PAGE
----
Milken, who received an honorary Doctor of Science degree from GW in May, called Goldman “an inspirational leader.”

“Despite her important responsibilities–—teaching, recruiting, fundraising, writing peer-reviewed articles, speaking on Capitol Hill, chairing the Association of Schools and Programs in Public Health—she’s never too busy to counsel a student or meet with parents of a prospective student,” Milken said. “The fact that ‘Fortune’ magazine named the Milken Institute School of Public Health the nation’s best online graduate program in the field is a great testament to the success of Lynn’s efforts.”

Goldman’s partnership with Milken dates back a decade to when the Milken Institute and Milken Family Foundation made their record-breaking philanthropic donation to GW. Goldman recalls fondly sharing with Milken a “very exciting vision for GW’s School of Public Health.”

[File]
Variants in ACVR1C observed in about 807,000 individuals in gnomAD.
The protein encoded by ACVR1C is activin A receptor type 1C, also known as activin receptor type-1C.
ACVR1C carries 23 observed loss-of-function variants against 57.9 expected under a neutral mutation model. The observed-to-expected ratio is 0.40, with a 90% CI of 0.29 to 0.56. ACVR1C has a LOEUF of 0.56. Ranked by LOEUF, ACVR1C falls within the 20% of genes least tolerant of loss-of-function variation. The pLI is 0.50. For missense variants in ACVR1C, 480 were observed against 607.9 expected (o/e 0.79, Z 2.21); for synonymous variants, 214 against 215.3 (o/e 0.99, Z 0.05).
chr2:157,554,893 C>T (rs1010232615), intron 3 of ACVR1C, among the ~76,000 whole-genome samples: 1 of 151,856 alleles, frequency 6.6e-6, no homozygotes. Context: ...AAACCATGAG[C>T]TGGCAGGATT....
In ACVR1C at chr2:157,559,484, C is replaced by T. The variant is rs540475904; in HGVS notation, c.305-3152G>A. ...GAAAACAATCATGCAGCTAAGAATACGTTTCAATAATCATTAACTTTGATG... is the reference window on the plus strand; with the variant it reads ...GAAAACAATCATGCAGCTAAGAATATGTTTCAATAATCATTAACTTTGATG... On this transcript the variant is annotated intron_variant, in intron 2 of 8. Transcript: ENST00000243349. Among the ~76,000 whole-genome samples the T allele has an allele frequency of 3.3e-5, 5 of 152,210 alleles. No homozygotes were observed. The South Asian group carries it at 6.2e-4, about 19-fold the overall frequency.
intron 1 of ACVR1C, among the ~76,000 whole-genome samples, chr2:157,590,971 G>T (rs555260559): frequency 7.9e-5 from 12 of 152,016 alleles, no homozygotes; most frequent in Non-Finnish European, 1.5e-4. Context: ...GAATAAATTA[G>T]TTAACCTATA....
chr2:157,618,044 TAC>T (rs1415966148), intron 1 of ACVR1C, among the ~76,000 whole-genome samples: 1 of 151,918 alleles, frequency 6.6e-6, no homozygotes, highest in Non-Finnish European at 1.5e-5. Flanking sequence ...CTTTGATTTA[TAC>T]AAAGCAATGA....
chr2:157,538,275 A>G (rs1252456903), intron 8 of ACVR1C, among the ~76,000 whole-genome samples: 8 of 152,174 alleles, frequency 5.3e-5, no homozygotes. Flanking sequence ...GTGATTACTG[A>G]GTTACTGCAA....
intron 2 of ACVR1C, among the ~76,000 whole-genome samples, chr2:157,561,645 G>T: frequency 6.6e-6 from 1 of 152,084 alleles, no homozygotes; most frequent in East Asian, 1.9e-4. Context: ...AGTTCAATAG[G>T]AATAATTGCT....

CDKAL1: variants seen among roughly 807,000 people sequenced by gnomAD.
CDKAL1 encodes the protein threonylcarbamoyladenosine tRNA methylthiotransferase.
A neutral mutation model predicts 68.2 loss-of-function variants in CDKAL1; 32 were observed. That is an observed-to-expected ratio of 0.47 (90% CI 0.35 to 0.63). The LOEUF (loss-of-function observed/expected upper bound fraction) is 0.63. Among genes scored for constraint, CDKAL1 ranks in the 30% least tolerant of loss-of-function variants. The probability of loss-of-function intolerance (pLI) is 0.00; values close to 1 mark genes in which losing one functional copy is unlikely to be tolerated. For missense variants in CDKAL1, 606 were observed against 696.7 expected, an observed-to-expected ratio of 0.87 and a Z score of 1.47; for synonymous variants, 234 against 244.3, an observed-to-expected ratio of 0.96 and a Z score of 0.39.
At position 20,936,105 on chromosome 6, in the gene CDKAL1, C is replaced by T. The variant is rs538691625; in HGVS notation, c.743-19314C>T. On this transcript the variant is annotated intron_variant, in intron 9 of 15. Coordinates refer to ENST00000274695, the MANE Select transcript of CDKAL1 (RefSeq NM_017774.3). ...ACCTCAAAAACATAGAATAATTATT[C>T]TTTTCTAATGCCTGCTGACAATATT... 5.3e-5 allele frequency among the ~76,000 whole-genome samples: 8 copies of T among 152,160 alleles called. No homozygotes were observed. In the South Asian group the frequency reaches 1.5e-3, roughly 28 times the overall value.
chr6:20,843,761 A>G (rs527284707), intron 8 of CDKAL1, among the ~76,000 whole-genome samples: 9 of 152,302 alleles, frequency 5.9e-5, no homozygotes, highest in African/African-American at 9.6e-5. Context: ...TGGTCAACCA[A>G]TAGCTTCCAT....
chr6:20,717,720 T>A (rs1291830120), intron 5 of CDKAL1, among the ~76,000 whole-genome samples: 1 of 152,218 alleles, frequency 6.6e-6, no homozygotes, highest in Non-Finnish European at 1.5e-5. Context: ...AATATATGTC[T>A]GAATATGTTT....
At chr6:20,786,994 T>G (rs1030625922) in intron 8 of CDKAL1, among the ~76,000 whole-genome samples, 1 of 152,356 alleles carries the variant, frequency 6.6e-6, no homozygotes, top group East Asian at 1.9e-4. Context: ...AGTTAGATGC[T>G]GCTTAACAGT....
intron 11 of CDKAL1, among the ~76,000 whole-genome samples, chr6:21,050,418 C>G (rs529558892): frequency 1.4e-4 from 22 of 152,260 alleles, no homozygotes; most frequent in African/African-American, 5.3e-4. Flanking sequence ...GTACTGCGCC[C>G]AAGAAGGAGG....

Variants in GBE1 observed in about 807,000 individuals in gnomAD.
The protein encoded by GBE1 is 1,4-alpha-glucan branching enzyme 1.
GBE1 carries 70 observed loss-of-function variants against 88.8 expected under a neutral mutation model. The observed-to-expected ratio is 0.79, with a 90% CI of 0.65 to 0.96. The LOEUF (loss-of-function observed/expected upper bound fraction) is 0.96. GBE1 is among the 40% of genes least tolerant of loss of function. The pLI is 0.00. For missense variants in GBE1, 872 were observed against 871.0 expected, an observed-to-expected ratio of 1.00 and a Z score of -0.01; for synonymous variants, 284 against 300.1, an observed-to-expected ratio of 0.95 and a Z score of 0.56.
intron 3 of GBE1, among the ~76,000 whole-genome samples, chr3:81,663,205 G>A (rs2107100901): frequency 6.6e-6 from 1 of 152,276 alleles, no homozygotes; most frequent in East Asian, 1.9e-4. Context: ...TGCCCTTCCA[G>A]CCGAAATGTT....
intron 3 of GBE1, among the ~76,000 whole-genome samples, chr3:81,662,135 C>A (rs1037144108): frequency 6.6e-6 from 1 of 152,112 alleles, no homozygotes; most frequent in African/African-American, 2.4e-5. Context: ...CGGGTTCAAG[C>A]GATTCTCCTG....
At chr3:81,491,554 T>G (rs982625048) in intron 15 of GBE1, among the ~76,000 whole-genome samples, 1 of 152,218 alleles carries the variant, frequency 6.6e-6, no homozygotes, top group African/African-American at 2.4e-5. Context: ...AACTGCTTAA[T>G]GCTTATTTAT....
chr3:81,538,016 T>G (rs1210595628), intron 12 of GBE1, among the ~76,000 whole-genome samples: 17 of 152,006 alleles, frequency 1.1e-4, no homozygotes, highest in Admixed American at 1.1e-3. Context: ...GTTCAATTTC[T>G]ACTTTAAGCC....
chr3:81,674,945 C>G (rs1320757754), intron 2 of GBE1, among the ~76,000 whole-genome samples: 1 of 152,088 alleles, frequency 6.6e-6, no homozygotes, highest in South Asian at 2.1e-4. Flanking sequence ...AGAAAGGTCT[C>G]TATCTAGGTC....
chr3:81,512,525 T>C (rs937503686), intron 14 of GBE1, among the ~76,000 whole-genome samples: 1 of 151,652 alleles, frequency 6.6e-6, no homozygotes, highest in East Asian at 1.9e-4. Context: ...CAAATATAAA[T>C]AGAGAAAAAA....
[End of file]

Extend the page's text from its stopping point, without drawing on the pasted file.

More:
Through the Milken Institute, the Milken Family Foundation and the Michael and Lori Milken Family Foundation, the Milkens are GW’s biggest benefactors, jointly donating $80 million, along with the Sumner M. Redstone Charitable Foundation, in 2014 to advance research, fund scholarships and create a global center for prevention and wellness. These combined commitments are GW’s largest to date.

President Emeritus Wrighton, Michael Milken, Lynn Goldman
President Emeritus Mark Wrighton (l), Michael Milken (c) and Milken Institute SPH Dean Lynn Goldman gather behind the stage at GW's 2023 Commencement on the National Mall.

The school was renamed the Milken Institute School of Public Health, and Goldman was installed as the Michael and Lori Milken Dean the next year. The two public health professorships are the Milkens’ first contribution supporting faculty positions at GW.